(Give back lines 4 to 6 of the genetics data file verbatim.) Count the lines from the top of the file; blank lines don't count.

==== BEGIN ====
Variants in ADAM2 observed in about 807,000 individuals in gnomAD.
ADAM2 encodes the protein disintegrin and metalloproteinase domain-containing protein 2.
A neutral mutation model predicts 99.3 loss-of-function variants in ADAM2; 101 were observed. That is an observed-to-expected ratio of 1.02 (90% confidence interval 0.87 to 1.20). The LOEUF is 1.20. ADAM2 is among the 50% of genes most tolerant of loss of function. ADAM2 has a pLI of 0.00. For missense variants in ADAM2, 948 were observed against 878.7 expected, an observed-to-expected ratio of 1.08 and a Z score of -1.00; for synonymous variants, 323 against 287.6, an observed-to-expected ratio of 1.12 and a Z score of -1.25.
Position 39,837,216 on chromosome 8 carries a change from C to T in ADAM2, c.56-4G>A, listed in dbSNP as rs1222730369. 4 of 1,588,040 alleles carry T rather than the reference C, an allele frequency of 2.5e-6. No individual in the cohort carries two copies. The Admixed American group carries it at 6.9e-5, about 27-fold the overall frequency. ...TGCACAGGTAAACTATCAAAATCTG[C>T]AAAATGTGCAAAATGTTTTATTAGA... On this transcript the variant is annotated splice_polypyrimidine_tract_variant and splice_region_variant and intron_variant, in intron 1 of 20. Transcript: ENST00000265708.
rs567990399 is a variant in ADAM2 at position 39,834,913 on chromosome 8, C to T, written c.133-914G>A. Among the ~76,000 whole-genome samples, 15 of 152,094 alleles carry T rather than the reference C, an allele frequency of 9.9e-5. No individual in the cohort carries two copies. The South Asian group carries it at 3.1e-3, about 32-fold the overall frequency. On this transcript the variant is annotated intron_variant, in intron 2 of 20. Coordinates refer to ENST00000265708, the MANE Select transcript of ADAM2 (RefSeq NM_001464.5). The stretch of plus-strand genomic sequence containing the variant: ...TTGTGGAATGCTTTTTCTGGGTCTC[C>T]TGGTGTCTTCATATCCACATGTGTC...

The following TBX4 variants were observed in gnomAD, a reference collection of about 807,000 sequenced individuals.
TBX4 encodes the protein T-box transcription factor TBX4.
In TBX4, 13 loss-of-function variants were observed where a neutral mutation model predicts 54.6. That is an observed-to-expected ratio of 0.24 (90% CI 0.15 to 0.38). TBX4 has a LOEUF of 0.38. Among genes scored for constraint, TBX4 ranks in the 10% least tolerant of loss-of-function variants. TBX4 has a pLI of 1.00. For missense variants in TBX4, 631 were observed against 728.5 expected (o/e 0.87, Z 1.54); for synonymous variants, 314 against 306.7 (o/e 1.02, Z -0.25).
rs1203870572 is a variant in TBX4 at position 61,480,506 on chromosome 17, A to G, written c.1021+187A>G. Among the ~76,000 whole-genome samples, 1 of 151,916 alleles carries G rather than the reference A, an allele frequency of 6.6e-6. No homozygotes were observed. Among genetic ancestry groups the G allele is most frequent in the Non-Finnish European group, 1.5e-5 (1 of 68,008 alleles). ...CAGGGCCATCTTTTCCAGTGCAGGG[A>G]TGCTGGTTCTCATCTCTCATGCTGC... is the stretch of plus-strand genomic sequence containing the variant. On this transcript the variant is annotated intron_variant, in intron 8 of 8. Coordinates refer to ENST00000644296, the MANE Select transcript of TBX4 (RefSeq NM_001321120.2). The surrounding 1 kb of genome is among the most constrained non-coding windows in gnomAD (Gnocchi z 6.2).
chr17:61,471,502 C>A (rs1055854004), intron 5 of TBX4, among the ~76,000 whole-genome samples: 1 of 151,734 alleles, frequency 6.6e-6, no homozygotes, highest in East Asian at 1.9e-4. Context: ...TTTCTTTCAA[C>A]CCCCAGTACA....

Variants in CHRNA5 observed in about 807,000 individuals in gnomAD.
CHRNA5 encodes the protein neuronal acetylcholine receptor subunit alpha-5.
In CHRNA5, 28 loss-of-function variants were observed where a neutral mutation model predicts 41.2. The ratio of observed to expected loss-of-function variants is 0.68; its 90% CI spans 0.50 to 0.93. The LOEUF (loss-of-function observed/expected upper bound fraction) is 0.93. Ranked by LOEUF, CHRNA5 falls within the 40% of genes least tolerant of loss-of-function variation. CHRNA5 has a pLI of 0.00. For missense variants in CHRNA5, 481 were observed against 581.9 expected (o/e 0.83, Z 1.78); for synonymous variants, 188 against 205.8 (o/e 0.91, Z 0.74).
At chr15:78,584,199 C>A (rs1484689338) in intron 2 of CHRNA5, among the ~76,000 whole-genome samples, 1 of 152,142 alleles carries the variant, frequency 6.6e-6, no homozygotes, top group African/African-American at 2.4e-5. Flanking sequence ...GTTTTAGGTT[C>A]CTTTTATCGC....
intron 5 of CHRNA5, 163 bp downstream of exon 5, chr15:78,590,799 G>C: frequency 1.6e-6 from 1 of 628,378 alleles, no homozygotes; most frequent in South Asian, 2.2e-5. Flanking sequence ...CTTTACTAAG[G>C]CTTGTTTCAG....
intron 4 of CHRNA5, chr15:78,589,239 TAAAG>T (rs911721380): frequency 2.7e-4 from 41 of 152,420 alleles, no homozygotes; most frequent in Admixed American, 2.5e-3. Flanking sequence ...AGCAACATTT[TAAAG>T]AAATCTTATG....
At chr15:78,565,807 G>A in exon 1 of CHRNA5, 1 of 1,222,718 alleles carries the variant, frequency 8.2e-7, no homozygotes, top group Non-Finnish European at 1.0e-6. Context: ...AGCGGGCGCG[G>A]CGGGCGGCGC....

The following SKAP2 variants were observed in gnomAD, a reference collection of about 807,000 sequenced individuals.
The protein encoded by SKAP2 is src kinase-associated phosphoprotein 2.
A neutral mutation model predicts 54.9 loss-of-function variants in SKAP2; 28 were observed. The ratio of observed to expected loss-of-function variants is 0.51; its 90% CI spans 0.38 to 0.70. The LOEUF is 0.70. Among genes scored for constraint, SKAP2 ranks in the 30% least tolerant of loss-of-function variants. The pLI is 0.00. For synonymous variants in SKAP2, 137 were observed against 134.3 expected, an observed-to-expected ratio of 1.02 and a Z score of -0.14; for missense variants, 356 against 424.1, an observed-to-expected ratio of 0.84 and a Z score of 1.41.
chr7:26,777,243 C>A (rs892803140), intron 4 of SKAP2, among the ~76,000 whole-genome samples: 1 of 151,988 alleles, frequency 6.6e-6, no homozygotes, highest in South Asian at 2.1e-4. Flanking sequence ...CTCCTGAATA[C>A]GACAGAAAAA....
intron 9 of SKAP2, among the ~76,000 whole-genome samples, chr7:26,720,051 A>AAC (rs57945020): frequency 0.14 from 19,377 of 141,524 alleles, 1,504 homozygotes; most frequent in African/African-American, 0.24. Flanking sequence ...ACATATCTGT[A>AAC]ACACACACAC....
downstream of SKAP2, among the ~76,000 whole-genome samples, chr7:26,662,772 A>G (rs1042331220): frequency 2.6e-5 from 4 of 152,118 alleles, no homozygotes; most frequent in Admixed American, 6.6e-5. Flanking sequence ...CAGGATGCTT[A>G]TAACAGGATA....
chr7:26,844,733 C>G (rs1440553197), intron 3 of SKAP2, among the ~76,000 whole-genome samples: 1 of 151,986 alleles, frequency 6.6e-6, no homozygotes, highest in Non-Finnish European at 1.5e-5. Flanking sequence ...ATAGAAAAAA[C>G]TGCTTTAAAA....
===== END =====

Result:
Position 39,837,216 on chromosome 8 carries a change from C to T in ADAM2, c.56-4G>A, listed in dbSNP as rs1222730369. 4 of 1,588,040 alleles carry T rather than the reference C, an allele frequency of 2.5e-6. No individual in the cohort carries two copies. The Admixed American group carries it at 6.9e-5, about 27-fold the overall frequency. ...TGCACAGGTAAACTATCAAAATCTG[C>T]AAAATGTGCAAAATGTTTTATTAGA... On this transcript the variant is annotated splice_polypyrimidine_tract_variant and splice_region_variant and intron_variant, in intron 1 of 20. Transcript: ENST00000265708.
rs567990399 is a variant in ADAM2 at position 39,834,913 on chromosome 8, C to T, written c.133-914G>A. Among the ~76,000 whole-genome samples, 15 of 152,094 alleles carry T rather than the reference C, an allele frequency of 9.9e-5. No individual in the cohort carries two copies. The South Asian group carries it at 3.1e-3, about 32-fold the overall frequency. On this transcript the variant is annotated intron_variant, in intron 2 of 20. Coordinates refer to ENST00000265708, the MANE Select transcript of ADAM2 (RefSeq NM_001464.5). The stretch of plus-strand genomic sequence containing the variant: ...TTGTGGAATGCTTTTTCTGGGTCTC[C>T]TGGTGTCTTCATATCCACATGTGTC...

The following TBX4 variants were observed in gnomAD, a reference collection of about 807,000 sequenced individuals.